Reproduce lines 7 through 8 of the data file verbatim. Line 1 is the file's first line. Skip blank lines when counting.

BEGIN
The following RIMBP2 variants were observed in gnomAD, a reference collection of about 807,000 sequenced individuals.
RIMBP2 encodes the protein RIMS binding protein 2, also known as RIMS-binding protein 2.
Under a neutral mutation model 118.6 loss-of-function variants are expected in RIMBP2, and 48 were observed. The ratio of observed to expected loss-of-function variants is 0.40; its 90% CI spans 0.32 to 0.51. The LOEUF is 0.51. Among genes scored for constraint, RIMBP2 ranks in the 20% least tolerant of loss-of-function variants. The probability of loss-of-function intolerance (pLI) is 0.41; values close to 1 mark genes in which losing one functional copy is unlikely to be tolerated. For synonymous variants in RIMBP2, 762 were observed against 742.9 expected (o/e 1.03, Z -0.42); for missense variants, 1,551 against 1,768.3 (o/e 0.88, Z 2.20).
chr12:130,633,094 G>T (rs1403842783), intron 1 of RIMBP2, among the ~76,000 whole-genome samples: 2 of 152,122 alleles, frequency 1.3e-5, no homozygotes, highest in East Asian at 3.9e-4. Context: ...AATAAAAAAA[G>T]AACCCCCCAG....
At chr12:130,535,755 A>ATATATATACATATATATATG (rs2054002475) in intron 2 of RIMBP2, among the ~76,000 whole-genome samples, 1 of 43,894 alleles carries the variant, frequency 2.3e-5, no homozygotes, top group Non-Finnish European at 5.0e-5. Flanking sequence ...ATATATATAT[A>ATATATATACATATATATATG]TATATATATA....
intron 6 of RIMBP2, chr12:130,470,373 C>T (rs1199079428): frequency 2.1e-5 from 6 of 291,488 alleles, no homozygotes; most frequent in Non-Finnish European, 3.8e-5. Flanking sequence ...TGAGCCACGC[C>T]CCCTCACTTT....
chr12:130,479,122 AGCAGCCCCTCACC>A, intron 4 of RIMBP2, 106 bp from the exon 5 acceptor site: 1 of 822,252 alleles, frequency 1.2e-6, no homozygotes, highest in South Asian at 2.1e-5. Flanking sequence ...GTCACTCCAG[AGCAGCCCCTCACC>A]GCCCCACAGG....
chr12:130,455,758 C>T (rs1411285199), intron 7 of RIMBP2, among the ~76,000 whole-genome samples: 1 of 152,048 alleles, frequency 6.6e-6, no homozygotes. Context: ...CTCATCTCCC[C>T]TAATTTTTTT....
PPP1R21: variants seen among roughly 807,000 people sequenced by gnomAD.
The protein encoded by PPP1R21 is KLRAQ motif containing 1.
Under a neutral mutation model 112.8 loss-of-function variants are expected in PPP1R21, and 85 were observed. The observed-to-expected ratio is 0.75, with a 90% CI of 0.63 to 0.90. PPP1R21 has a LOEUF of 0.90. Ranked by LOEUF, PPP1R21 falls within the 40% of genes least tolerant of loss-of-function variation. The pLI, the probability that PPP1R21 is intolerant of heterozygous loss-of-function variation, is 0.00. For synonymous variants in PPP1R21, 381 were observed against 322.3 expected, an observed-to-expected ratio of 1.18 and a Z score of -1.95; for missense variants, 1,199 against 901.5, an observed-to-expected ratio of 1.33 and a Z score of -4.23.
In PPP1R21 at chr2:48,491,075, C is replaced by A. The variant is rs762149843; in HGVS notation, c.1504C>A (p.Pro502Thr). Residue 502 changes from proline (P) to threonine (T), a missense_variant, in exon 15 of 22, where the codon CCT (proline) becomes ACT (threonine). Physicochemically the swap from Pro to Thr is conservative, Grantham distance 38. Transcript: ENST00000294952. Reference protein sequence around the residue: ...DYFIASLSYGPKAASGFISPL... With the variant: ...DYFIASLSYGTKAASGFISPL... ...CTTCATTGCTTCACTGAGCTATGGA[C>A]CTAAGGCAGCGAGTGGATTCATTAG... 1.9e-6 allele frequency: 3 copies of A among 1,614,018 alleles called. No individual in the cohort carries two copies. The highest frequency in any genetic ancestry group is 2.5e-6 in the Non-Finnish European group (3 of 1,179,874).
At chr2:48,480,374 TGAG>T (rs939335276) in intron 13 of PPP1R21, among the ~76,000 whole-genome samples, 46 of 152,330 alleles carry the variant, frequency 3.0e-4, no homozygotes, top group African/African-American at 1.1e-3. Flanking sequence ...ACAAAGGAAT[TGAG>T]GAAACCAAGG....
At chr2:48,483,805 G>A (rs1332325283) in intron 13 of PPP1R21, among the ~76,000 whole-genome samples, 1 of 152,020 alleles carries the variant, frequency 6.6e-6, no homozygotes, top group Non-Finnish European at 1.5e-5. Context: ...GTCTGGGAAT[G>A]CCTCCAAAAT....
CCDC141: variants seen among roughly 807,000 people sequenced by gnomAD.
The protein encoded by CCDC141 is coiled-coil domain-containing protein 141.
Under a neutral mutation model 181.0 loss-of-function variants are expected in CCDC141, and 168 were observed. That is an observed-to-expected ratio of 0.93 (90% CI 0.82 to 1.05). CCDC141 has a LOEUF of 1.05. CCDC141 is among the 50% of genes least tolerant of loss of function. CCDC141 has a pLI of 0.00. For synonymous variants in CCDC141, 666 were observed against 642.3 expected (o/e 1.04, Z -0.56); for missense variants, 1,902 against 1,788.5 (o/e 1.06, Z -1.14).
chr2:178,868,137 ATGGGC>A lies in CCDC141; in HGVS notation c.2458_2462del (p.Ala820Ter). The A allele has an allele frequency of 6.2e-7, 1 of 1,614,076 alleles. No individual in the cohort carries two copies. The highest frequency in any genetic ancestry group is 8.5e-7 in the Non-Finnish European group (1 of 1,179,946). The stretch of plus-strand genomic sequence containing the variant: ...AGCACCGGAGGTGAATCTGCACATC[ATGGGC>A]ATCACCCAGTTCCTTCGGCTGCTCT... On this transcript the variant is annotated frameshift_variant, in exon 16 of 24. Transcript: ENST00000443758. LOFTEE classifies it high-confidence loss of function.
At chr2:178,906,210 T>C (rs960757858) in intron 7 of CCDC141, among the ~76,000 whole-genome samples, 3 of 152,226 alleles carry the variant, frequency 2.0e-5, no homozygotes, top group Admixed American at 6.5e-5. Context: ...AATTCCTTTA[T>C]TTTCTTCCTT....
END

chr12:130,479,122 AGCAGCCCCTCACC>A, intron 4 of RIMBP2, 106 bp from the exon 5 acceptor site: 1 of 822,252 alleles, frequency 1.2e-6, no homozygotes, highest in South Asian at 2.1e-5. Flanking sequence ...GTCACTCCAG[AGCAGCCCCTCACC>A]GCCCCACAGG....
chr12:130,455,758 C>T (rs1411285199), intron 7 of RIMBP2, among the ~76,000 whole-genome samples: 1 of 152,048 alleles, frequency 6.6e-6, no homozygotes. Context: ...CTCATCTCCC[C>T]TAATTTTTTT....